Billy on the box: MNF - Martin Never Fails
They certainly saved the best to last as the final Monday Night Football of the season on Sky Sports was an absolute belter.
I'll hold my hands up here right away and pay thanks to the wonders of Sky + here as I was flicking between Liverpool's trip to Crystal Palace and watching the snooker over on BBC2 – and they say men can't multi-task.
The World Championships at the Crucible are no stranger to nerve-tingling, last-gasp come-backs that would have Lazarus nodding in approval, but although Mark Selby's turning of the tables (perhaps that's why he won?) on Ronnie O'Sullivan was nothing compared to what was happening at Selhurst Park.
Before the late drama there was the early knockabout session with presenter Ed Chamberlin, in very un-Sky-like fashion warning 'this will not be easy for the visitors.' Your uncle, Neville, couldn't have put it better.
Of course there was another Neville a bit closer at hand with Gary renewing hostilities with Jamie Carragher, the figureheads of two bitter opposing empires being brought together at the start of the season and the unlikeliest of odd couples has blossomed.
"I was never in a position like this as a player, so close to a title," began Jamie, only to be rudely interrupted by the noise of medals being poured out of a box onto a table.
Chamberlin, in no mood for appeasement, stirred the pot a little more, looking at Sunderland's own amazing great escape and poking gently at Jamie by asking 'didn't you say that the games in hand would only make their goal difference worse?'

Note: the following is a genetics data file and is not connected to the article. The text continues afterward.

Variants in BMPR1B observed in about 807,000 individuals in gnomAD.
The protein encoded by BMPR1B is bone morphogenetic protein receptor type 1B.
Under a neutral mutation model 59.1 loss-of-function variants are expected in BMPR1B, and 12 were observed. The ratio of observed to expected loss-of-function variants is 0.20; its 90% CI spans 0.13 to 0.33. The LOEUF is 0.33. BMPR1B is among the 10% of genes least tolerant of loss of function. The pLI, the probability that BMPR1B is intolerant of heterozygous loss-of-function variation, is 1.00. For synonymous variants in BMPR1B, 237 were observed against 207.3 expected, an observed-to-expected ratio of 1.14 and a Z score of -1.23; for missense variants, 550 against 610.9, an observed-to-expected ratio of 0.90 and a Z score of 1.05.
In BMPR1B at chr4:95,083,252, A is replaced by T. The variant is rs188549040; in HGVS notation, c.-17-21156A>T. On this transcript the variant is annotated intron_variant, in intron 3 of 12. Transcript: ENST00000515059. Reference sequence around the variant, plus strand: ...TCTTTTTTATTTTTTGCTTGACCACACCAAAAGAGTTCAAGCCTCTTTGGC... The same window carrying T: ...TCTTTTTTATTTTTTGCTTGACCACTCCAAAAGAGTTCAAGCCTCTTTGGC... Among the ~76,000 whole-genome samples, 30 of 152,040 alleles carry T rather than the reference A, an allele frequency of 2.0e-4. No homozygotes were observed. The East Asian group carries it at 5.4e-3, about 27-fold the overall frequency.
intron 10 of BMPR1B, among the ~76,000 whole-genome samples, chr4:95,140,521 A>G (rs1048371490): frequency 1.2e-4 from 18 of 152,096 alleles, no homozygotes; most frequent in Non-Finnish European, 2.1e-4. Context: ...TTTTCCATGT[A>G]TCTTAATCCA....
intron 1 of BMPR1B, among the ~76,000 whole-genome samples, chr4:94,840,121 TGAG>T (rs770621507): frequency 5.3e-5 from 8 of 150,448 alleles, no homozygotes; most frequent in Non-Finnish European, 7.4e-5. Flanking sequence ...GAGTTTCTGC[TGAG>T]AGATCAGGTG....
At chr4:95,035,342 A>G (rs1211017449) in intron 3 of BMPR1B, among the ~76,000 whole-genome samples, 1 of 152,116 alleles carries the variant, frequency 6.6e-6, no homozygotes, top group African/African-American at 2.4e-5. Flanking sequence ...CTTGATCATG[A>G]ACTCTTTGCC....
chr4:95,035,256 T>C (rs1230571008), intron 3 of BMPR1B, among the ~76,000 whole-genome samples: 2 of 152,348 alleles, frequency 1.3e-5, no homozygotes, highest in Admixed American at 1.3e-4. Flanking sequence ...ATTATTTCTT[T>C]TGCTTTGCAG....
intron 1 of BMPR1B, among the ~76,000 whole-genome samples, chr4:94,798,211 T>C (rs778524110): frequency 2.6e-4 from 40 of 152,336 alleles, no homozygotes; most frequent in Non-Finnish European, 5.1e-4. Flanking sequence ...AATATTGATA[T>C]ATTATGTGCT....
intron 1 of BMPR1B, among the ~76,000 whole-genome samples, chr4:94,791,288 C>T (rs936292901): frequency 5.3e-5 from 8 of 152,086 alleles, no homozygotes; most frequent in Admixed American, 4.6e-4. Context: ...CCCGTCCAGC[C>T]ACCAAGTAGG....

I thought someone had brought a dolphin into the studio and was tickling it with a feather duster as a strange, high-pitched, giggling began and Jamie, sheepishly, or dolphinly, tried to justify his ill-chosen words.
"It looks stupid now and I think the biggest thing I've probably learnt in my first year at Sky is not to make predictions," he said, or not being caught off camera saying he'd love to smash something.
This allowed Sky the chance to show some of Jamie and Gary's best bits from the season and Mr BT Sport must have been chucking his remote at the telly as the best line-up in the business showed just how good they are.
He must have been green with envy, but not as peaky as Luis Suarez as we popped over to the warm-up where the Liverpool striker was decidedly off colour. Probably something he had eaten – a defender's arm, perhaps?
That was just a starter, the main course was served up to us by another deadly duo in Martin Tyler and Alan Smith, the latter no stranger to kicking Liverpool where it hurts in late horror shows.
With John Motson a mere caricature of the commentator he used to be, Barry Davies only now heard on celebrity shows with a sporting element in them, it means that Tyler is the grand-daddy of them all.
I'm of an age when the Big Match would hand over to a game in the north-west and Brian Moore would utter the immortal words – the pictures are from Granada, the commentator is Martin Tyler – and suddenly the world was good. You also had Gerry Harrison at Ipswich or Norwich, Gerald Sinstadt in Liverpool, Roger Tames in the north-east and my personal favourite, Huw Johns, in the Midlands.
What is different is that Tyler now stands out so much as the guv'nor that he even had his own catchphrase, rather than the collection of high-pitched, camp, oohs and aahs that now maketh a Motson commentary.